present extremely interesting logical and conceptual
Proper representation of time and change.
Choice of ontological primitives.
Career and consulting opportunities.
All of the organizations noted above and many
private businesses are hiring philosophers to
develop applied ontologies.
Solutions to the Integration Problem
Both formal and applied ontology development efforts
tend to focus around some group or individual.
Hence, they tend to be somewhat idiosyncratic.
This raises the specter of a philosophical Tower of Babel.
The problem is not simply one of translating
between ontologies based upon different but
semantically equivalent lexicons.
More typically lexicons and their semantics
Might also find different choices of upper-level
primitives, e.g., endurantism vs perdurantism;
events vs temporally-indexed relations; etc.
Might also find different ontologies are based
upon different upper-level ontologies altogether,
e.g., Upper Cyc vs. SUMO.
Critical that there be some overarching framework that
enables sharing and integration of information in
different ontologies, using different lexicons,
possibly based upon different upper-level ontologies.
Contributions to Automated Reasoning Systems
Many types of reasoning systems of interest to
philosophers and philosophical logicians are
relevant to the intelligent search.
Intensional logics (notably logics of belief)
The logic of common knowledge
Contributions to formal language development
Very large number of difficult issues of form and
expressive power surrounding development of both
XML-based and logic-based languages for the Semantic
Choice of primitives
Integration of languages
- See RDF and KIF/CL mailing list archives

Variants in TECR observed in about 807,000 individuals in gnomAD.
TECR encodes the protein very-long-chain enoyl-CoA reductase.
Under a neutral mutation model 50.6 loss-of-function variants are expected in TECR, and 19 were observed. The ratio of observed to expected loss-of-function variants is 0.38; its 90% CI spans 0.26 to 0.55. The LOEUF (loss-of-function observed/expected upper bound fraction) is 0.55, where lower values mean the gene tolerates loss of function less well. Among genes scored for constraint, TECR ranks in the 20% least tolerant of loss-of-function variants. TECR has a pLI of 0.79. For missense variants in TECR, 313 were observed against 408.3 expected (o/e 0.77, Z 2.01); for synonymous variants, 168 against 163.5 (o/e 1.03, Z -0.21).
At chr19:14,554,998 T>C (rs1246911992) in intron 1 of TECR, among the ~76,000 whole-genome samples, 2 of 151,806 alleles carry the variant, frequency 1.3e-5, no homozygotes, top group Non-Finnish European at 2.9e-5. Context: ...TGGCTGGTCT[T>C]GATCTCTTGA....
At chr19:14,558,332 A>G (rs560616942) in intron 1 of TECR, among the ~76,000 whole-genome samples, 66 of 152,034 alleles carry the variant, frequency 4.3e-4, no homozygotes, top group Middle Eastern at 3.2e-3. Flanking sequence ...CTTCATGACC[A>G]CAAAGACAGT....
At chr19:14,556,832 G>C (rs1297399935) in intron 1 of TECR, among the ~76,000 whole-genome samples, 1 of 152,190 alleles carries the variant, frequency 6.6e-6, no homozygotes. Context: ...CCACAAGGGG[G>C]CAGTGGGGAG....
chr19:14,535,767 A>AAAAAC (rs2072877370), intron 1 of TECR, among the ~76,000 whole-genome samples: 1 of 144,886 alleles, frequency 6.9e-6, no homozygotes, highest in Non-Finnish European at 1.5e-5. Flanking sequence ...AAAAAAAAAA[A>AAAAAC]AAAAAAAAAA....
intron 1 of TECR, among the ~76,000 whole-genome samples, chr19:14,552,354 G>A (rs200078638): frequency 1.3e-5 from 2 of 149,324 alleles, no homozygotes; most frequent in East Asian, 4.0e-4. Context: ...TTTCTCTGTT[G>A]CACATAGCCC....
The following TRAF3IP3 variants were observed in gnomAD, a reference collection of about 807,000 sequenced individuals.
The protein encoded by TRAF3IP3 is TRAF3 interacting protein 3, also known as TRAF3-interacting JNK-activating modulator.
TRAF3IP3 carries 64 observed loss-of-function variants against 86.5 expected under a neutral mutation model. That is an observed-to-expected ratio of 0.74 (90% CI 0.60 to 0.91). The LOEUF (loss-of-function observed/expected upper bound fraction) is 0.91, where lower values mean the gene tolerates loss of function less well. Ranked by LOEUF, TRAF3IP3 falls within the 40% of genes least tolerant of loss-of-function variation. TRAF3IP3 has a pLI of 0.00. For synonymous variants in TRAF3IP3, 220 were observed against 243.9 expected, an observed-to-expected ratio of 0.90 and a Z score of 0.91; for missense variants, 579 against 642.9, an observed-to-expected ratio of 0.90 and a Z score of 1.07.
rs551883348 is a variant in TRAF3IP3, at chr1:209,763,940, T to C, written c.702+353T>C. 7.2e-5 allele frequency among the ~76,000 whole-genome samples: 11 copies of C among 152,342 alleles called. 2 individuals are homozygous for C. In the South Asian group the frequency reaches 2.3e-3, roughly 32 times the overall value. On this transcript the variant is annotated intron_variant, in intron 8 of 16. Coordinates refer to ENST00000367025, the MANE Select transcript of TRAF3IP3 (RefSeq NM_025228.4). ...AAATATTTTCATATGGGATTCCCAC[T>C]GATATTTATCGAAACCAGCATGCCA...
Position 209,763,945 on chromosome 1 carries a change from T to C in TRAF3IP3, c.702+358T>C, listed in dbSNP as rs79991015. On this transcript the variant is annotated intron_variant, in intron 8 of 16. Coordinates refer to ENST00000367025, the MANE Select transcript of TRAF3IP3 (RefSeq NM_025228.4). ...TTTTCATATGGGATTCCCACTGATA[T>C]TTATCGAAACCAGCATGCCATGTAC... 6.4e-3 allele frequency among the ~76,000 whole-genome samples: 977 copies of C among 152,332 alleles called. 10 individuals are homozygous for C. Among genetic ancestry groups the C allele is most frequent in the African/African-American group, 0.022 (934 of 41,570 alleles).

Should (can?) philosophers, as a discipline, build a formal
ontology of philosophical concepts to enhance searching,
linking, and cross-referencing of philosophical content on the
World Wide Web?
Two elements here:
The construction of an "ontology" of philosophical
The use of that ontology to facilitate intelligent search
on the web for peculiarly philosophical content.
A priori: Surely such an ontology would prove useful in
the search for philosophical content if the Semantic Web
architecture is itself feasible.
Two sources of uncertainty:
Feasibility of a general philosophical ontology.
Quality of content returned questionable when the search space
is the entire web in all its anarchic glory.
This leads to the second question:
Should the Stanford Encyclopedia of Philosophy project develop
such a formal ontology for managing the metacontent in its
reference work (i.e., for managing cross-references as entries
come online or are changed, for building other thematic
navigation tools, etc), or will statistical techniques in
computational linguistics suffice?
The SEP provides a unique opportunity in that it provides a
somewhat constrained environment
Uniformity of format
Relatively small document base
Indeed, an ideal test best for more robust approaches to
If it can't work here, it can't work anywhere!
But is it scaleable?
Not clear that if it can work here, it can
SEP ontology as a "standard" reference ontology for
philosophical documents on the web.
"SEP compliant" documents?
The third question, briefly considered…
What do philosophers need to know about markup languages such as
XML and XHTML?
Hopefully not much.
Question is: How much do they need to know about representing
content in a form usable by the Semantic Web or an
Requires representation in some XML-based language like
RDFS or OWL.
Not clear how much *philosophers* will need to know about
this, but if philosophical content is going to get on the
web, this is the form it's gonna have to be in.
Nonetheless, it would be good at least for philosophers to
familiarize themselves with a variety of more specialized
languages that are being proposed as the basis for
representing content on the Web.
Final question, not considered at all:
What should philosophers be doing about developing common practices,
standards and tools for electronic publishing?
Last modified: Fri Mar 28 17:54:20 CST 2003